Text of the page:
Kota Belud is a town just to the north of Kota Kinabalu, Sabah. It is chiefly famous for its Sunday market, but the area is also supposed to be a bird sanctuary because of its extensive wetlands and ricefields, a favoured stopover for migratory waterbirds.

We went birdwatching there just before we returned to Kuala Lumpur.

Questioning locals about birds got us nowhere. The only birds they could think of were the ostriches in a nearby ostrich farm. So we set off to explore the area ourselves.

Scenery – brilliant. Birds, all over the place. Egrets, snipe, herons, sandpipers, duck, grassbirds, pipits, wagtails – I could have spent days there just poking around.

But a bird sanctuary? Well, forget the sanctuary bit.

Along the main road, there was a licensed stall selling wild birds stuck in impossibly small cages, including fledgling hill mynas obviously taken from the nest and as yet unable to feed themselves, shamas, doves, hanging parrots, even a young barbet. Horrible, quite, quite horrible.

I am always tempted when I see such places to buy everything and let them go. I never do, because in the end that just encourages the trade, and a conservationist has to put the greater good of the species before the individual animal. But it hurts. It hurts for days. And were these folk locals, doing what they have done for generations? Nope. They were from Malacca.

We stopped to watch some farmers harvesting rice. The harvester circled around the padi field, making an island of the ripened rice in the middle of the field. A couple of boys, the oldest about twelve, ran around the edges of the newly cut crop with a dog. At first we thought they were playing. They certainly seem to be enjoying themselves, but it was hard to see what they were up to, as we were a long way off. And then we realised: they were catching what looked to be Slatey-breasted Rails. (That’s a bird, you non-birders out there, a type of ‘ruak’, waterhen-like, the size of a bantam hen.) These birds can fly, but their preferred desire to run and hide betrays them. The boys and the dog were too quick.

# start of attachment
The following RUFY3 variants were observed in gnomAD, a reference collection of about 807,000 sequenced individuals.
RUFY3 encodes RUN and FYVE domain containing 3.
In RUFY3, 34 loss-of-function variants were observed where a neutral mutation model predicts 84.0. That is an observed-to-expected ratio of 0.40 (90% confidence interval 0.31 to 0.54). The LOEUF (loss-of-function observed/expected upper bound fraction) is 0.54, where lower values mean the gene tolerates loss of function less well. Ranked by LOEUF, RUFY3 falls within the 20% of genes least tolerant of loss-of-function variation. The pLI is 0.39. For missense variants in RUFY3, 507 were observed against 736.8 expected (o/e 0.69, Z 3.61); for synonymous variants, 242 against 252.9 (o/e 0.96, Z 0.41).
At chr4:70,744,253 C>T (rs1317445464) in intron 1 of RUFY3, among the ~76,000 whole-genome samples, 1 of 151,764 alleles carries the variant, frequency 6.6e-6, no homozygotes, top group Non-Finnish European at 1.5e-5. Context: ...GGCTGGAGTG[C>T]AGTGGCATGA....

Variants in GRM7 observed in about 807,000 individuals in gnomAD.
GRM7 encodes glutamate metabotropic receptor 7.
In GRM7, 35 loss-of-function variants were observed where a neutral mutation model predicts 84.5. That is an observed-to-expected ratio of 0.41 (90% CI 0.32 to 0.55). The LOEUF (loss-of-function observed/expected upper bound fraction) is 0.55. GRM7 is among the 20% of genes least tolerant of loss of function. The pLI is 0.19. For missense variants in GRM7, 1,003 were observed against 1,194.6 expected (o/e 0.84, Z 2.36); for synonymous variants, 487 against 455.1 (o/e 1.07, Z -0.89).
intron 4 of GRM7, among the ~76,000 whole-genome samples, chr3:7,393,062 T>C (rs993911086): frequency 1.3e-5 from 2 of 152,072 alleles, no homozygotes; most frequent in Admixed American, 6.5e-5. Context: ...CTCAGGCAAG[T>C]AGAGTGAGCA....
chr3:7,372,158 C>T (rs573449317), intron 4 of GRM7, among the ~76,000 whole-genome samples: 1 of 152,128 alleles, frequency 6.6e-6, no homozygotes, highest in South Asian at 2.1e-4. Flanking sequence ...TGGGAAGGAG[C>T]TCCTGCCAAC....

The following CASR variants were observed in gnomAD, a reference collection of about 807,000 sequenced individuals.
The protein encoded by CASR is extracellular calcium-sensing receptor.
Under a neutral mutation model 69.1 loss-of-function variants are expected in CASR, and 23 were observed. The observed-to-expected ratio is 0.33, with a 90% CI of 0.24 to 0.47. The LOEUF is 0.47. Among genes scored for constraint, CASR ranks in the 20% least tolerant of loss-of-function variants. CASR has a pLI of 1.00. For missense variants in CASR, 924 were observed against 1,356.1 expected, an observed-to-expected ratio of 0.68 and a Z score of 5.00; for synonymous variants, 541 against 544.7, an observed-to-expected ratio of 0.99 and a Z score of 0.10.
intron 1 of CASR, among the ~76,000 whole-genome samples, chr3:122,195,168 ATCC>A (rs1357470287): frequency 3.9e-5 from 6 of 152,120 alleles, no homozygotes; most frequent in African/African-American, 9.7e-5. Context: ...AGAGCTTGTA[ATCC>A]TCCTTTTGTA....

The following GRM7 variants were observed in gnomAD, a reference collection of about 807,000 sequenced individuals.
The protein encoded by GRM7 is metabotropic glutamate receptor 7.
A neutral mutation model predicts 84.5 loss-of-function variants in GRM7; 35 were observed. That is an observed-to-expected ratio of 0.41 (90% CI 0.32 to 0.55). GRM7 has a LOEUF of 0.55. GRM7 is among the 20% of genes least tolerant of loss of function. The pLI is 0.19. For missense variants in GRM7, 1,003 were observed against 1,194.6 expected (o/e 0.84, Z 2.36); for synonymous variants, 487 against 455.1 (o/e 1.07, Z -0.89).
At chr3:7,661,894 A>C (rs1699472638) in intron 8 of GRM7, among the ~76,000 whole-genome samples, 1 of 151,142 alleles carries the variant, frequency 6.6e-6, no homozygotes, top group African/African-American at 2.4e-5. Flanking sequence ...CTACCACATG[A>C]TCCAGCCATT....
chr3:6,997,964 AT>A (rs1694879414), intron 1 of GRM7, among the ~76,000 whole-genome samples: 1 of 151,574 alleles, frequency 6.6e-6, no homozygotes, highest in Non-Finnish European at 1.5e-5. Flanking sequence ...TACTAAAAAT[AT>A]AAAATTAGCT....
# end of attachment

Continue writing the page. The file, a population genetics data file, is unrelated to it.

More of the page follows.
Soon, as the expanse of standing crop was reduced down the size of a tennis court, the boys each had five or six birds dangling by their legs – some obviously still alive. The boys contribution to the family dinner.

Does it worry me? Not as much as the caged birds for sale, not by a long shot. But yes, it does, even so. There are rare crakes and rails as well as common ones. These farmers don’t know the difference. They should. There should be laws to obey: “you can take this species, but not that one” or “you can take so many per family member and no more” and so on.

What worked as sustainable harvesting 100 years ago doesn’t work any more, what with a population growth that is totally out of control. Uncontrolled harvesting of wildlife is detrimental to the species as well as the farmer (for insect control as well as for future dinners). Everything has to be sustainable.

A bird sanctuary indeed. We Malaysians have a lot to learn about compassion for animals – even the ones we eat – about sustainability, conservation and environmental impact. Unless we learn these lessons, then we are dooming ourselves to an impoverished future, both for humans and for our biodiversity.

And don’t talk to me about education and waiting for the present day youngsters to grow up with different attitudes. We are running out of time.



  1. Geez, that’s a worry, Glenda. A horrible, impotent worry. There is so little any one person can do – it really is up to governments to bring in and police the necessary legislation.

  2. It’s so sad that very rarely do humans see the impact that they are making themselves. Reminds me of a woman my family knew many years ago, who when asked not to walk on the newly finished floor, proceeded to do just that because “my little feet won’t hurt it”.

  3. How very sad, Satima is right, governments should do some policing. I wonder World Wildlife Fund haven’t taken an interest in this problem, they seem to be very good at such things. Have you thought of contacting them?

  4. In fact the head of WWF Sabah and the one before him as well are both personal friends. But Sabah is a political minefield of epic proportions…not so easy, believe me. Hunting has always been a way of life and this is an extention of that, and any move to change it is touted as interference in tradition, etc etc.

    Amd the truth is that most people everywhere prefer to have their cake and worry not at all about the lack of even crumbs for their grandchildren.

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